A typical scenario plays out in the Canadian media yet again today. It has to do with a theme I develop in many of my industrial relations courses. I challenge students to doubt every statistic they come across that is being used to advance an argument about labour and employment law policy. That is prudent because lawyers and policy-makers pick and choose statistics that fit whatever policy argument they wish to advance. Rarely, do statistics drive labour policy. More often, the opposite is true. Remember when leading American economists divided into two camps during the recent debates over labour law reform, with one group arguing labour law reform was necessary to save the American economy and the other camp arguing that labour law reform would kill the American economy.
According to one column in the National Post today, a paper that has never once said anything positive about unions and collective bargaining, unions “pad” politicians pockets, with the result that “the average municipal public worker earned more than 14% higher wages and benefits than the average private sector employee.” They are quoting a study by the corporate lobby group, the Canadian Federation of Independent Business, hardly a neutral observer. When the National Post speaks about high wages, especially public sector wages, they mean it in a derogatory way, as in good wages and benefits are bad. I’ve made this point before. The Post article is arguing for strong restraints on public sector compensation, and against tax increases.
In the Toronto Star today, an editorial notes that Mayor Ford’s promise to freeze taxes, to cut spending by $4 billion, AND NOT CUT SERVICES (good luck with that, buddy) depends on his ability to obtain “concessions” from the public sector unions. That implies that public sector wages are a central problem to be dealt with. But then, on the next page, there is a comment by an ex-Deputy Minister of Labour for Ontario and labour arbitrator, Tim Armstrong. Here is what he writes:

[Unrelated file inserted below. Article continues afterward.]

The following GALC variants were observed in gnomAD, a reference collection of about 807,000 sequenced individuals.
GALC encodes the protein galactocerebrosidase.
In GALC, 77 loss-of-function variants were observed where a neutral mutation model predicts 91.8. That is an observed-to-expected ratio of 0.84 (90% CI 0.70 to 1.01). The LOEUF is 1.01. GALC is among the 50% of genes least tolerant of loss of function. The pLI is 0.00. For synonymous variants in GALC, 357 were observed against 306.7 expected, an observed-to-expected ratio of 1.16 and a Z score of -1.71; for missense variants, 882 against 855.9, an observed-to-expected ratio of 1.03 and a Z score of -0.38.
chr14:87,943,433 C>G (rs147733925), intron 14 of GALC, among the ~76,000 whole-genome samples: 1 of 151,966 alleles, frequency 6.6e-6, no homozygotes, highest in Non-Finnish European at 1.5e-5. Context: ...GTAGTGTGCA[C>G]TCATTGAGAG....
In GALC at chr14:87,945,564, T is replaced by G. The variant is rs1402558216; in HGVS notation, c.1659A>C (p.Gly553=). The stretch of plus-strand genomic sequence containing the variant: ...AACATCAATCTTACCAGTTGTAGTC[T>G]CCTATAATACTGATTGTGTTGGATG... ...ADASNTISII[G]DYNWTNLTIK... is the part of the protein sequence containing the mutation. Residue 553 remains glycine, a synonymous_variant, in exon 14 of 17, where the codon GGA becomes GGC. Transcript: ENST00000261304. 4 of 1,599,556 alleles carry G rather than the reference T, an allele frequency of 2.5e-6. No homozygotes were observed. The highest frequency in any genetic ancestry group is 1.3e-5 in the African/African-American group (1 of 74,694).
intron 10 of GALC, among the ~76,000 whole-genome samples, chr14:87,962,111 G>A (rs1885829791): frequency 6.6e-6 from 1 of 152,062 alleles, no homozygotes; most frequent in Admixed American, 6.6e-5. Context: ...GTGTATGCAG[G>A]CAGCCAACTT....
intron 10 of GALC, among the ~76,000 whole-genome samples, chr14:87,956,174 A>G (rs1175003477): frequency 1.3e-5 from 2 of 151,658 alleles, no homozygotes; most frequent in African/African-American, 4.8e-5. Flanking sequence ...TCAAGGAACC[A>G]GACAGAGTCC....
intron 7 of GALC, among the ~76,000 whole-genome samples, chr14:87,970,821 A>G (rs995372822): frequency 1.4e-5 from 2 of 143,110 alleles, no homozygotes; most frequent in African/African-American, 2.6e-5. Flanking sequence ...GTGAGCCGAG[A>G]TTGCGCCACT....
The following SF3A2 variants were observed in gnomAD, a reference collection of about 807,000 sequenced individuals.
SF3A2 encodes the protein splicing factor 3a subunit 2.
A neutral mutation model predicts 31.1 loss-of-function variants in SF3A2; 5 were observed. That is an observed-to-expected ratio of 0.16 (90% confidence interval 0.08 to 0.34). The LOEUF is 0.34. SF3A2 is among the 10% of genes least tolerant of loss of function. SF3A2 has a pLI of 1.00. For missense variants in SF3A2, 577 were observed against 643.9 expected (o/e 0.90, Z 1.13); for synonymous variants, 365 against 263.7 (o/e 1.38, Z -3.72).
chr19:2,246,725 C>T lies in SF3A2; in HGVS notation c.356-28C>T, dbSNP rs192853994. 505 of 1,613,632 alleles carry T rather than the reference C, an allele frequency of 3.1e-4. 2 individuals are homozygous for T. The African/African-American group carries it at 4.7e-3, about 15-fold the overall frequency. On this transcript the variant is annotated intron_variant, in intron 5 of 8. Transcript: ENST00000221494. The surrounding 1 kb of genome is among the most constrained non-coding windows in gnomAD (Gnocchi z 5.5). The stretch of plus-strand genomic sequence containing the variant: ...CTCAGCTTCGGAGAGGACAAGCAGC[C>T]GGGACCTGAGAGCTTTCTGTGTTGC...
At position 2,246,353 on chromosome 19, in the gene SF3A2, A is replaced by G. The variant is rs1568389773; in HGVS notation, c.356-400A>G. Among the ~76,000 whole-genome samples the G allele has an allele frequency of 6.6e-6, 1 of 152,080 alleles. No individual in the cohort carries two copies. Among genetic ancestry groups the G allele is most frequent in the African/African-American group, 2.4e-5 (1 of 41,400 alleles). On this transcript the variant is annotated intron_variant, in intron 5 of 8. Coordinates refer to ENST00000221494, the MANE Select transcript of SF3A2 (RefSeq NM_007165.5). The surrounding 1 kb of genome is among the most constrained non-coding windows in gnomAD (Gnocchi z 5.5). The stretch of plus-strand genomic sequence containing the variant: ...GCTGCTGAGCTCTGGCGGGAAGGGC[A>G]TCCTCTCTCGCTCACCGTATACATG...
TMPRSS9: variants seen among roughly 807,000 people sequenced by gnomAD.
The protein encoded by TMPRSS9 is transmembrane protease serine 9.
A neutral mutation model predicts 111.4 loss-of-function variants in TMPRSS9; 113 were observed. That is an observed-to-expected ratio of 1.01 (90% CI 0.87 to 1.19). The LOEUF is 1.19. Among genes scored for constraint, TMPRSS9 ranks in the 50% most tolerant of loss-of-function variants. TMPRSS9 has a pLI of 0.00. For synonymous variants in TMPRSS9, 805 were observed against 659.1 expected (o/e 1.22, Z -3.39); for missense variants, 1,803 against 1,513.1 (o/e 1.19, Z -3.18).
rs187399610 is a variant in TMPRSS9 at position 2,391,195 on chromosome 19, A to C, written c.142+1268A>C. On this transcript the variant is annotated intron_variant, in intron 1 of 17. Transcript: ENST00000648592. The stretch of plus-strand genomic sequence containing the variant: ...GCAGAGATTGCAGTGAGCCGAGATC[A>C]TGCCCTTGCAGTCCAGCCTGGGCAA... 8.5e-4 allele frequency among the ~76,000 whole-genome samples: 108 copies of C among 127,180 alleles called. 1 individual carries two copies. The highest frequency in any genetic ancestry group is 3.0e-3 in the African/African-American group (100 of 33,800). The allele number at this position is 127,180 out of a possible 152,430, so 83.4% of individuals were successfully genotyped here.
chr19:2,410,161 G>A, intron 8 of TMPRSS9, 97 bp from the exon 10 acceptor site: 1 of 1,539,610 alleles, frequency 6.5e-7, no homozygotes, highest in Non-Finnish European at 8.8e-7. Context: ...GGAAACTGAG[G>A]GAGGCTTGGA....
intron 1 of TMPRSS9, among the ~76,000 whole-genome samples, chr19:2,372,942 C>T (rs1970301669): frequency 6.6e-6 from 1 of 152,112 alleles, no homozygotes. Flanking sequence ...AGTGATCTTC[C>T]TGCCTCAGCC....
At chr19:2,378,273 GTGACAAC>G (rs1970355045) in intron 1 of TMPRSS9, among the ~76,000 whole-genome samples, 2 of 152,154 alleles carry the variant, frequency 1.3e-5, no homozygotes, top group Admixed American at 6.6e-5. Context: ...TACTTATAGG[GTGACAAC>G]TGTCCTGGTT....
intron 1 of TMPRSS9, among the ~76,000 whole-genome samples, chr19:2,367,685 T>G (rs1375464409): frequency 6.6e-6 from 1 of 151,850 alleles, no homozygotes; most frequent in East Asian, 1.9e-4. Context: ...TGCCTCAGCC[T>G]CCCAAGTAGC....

Public sector wages are still below those of comparable wages in the private sector and over the least two decades, have increased at a marginally lesser rate than have private sector wages. A two year government sector wage freeze would make only a minimal contribution to overall government expenditure. The savings would be largely offset by the loss of purchasing power by those affected who are important consumers as well as wage earners.
Armstrong is arguing that, given the fact that freezing public sector salaries does little if anything to eliminate public debt, it is not good policy for governments to provoke strikes by demanding wage freezes.
So, what does a student take from these two articles? Well, if you believe the Post and the corporate lobby group’s “study”, public sector compensation is out of control, a full 14% higher than comparable private sector wages! Terrible. But then the Star piece, written by an ex Deputy Minister of Labour and Chair of the OLRB, tells us that public sector wages are actually less than private sector wages, not more! Who is right?
Maybe Statistics Canada can help sort this out. This Globe and Mail article cites Stats Can’s November 2010 study, which found that public sector wage settlements are increasing at a rate of 1.3% compared to 1.8% in the private sector. Further, private sector employers are planning wage increases of 2.9% in 2011, compared to expected increases of only 2.3% in the public sector.
Oh, brother. What does it all mean? The Globe and Mail helps sum it all up for us:
Public pay increases have stoked plenty of debate between those who believe they represent serious government overspending, and others who say wage growth helped sustain the economy through the recession as many businesses were floundering. Both sides dispute each other’s calculations on the difference between private and public-sector salaries.
And that’s the point. Never assume that a statistic cited in a labour policy debate represents some indisputable “truth”. All statistics are open for debate and they are cited and often devised to advance a particular policy argument. Doubt everything. Challenge every point. Think critically.